Citizens, the Amish have a cuisine that emphasizes caloric intake because these people work literally from sunrise until long after dark in the fields.
No powered mechanical assistance allowed (for the most part). They are renowned for their hospitality, delicious food and intense work ethic that showed how life in the 19th century was truly lived.
I greatly admire them and was lucky enough to live with an Amish family for a week when I was 5. It was truly a life-changing experience. 🙂
The Amish are a group of traditionalist Christian church fellowships with Swiss German Anabaptist origins. They are closely related to, but distinct from, Mennonite churches. They are known for simple living, plain dress, and reluctance to adopt many conveniences of modern technology.
The history of the church began with a schism in Switzerland within a group of Swiss and Alsatian Anabaptists in 1693 led by Jakob Ammann. Those who followed Ammann became known as Amish.
Jakob Ammann (c. 1644–c. 1730) was a Mennonite leader whose controversial teachings caused a schism among his coreligionists in Switzerland, Alsace, and southern Germany. Ammann insisted that any excommunicated Mennonite church member should be shunned socially and that anyone who lied should be excommunicated. Following Jesus’ example, he introduced foot washing into the worship service and taught that church members should dress in a uniform manner, that beards should not be trimmed, and that it was wrong to attend services in a state church.
Although Ammann sought reconciliation with the Mennonites, he continued to insist that all who had been excommunicated should be avoided, and therefore his attempts at reconciliation failed. Amish communities sprang up in Switzerland, Alsace, Germany, Russia, and Holland, but emigration to North America in the 19th and 20th centuries and assimilation with Mennonite groups gradually eliminated the Amish in Europe.
In the second half of the 19th century, they were divided into Old Order and Mennonites. The latter do not eschew motor cars, whereas the Old Order Amish retained much of their traditional culture. When people refer to the Amish today, they normally refer to the Old Order Amish.
In the early 18th century, many Amish, and Mennonites, immigrated to Pennsylvania for a variety of reasons.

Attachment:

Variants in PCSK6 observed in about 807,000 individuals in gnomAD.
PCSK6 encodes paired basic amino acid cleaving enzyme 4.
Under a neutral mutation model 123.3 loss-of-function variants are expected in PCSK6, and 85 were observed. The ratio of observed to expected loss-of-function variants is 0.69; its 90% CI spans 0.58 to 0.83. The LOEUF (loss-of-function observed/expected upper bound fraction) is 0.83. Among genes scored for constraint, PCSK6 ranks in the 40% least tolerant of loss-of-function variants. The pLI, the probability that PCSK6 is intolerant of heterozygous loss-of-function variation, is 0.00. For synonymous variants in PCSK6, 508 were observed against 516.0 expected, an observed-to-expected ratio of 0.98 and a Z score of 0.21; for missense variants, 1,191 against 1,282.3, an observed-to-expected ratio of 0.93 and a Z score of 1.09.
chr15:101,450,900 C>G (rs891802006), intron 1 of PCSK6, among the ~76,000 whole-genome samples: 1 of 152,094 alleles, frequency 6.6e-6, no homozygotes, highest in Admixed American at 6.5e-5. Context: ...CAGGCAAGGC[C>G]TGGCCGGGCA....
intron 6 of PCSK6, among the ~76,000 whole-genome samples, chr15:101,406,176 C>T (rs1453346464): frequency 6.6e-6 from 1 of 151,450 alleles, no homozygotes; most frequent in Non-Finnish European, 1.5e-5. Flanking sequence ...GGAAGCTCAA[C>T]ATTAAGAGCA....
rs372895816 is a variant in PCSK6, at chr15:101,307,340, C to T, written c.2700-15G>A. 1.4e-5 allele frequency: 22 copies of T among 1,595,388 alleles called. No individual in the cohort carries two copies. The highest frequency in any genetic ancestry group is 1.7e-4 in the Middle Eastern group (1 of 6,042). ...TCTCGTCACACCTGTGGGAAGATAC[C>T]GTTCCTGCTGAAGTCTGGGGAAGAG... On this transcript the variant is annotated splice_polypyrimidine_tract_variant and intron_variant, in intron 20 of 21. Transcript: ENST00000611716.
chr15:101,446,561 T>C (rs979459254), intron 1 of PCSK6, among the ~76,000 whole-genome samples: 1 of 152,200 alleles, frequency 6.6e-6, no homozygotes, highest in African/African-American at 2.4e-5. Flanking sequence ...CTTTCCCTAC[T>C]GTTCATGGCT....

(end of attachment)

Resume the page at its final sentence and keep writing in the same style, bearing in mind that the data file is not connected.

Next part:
Most traditional Amish are members of the Old Order Amish Mennonite Church. In the early 21st century there were about 250,000 Amish living in more than 200 Old Order Amish settlements in the United States and Canada; the largest were located in Pennsylvania, Ohio, Indiana, Iowa, Illinois, and Kansas, and others were found in Wisconsin, Maine, Missouri, and Minnesota.
Their settlements are divided into church districts, autonomous congregations of about 75 baptized members. If the district becomes much larger, it is again divided, because members meet in each other’s homes. There are no church buildings. Each district has a bishop, two to four preachers, and an elder; but there are no general conferences, mission groups, or cooperative agencies.
Today, the Old Order, the New Order, and the Old Beachy Amish continue to speak Pennsylvania German, also known as “Pennsylvania Dutch”, although two different Alemannic dialects are used by Old Order in Adams and Allen counties in Indiana.
This recipe for Amish mashed potatoes makes the richest and most delicious taters you’ll ever taste – the secret is the addition of cream cheese and sour cream beyond the standard butter and milk.
They’re simple but delicious beyond compare – just know they’re diet-busters and enjoy! They also serve 20, so feel free to ½ the recipe or more. Citizens – this recipe is without any doubt an all-time winner! 🙂
Battle on – The GeneralissimoPrint
Citizens, please note that I can no longer afford to absorb the nearly $1000 per month it costs to keep the site running smoothly, including marketing expenses, etc.
You can make a difference!
Please consider making a one-time donation to help keep the site live and the posts coming – click here to PayPal Me a tip!
You can also show your support by listening to our podcasts, liking them, and sharing as you see fit – try them out here.
We are sorry that this post was not useful for you!
Let us improve this post!
Tell us how we can improve this post?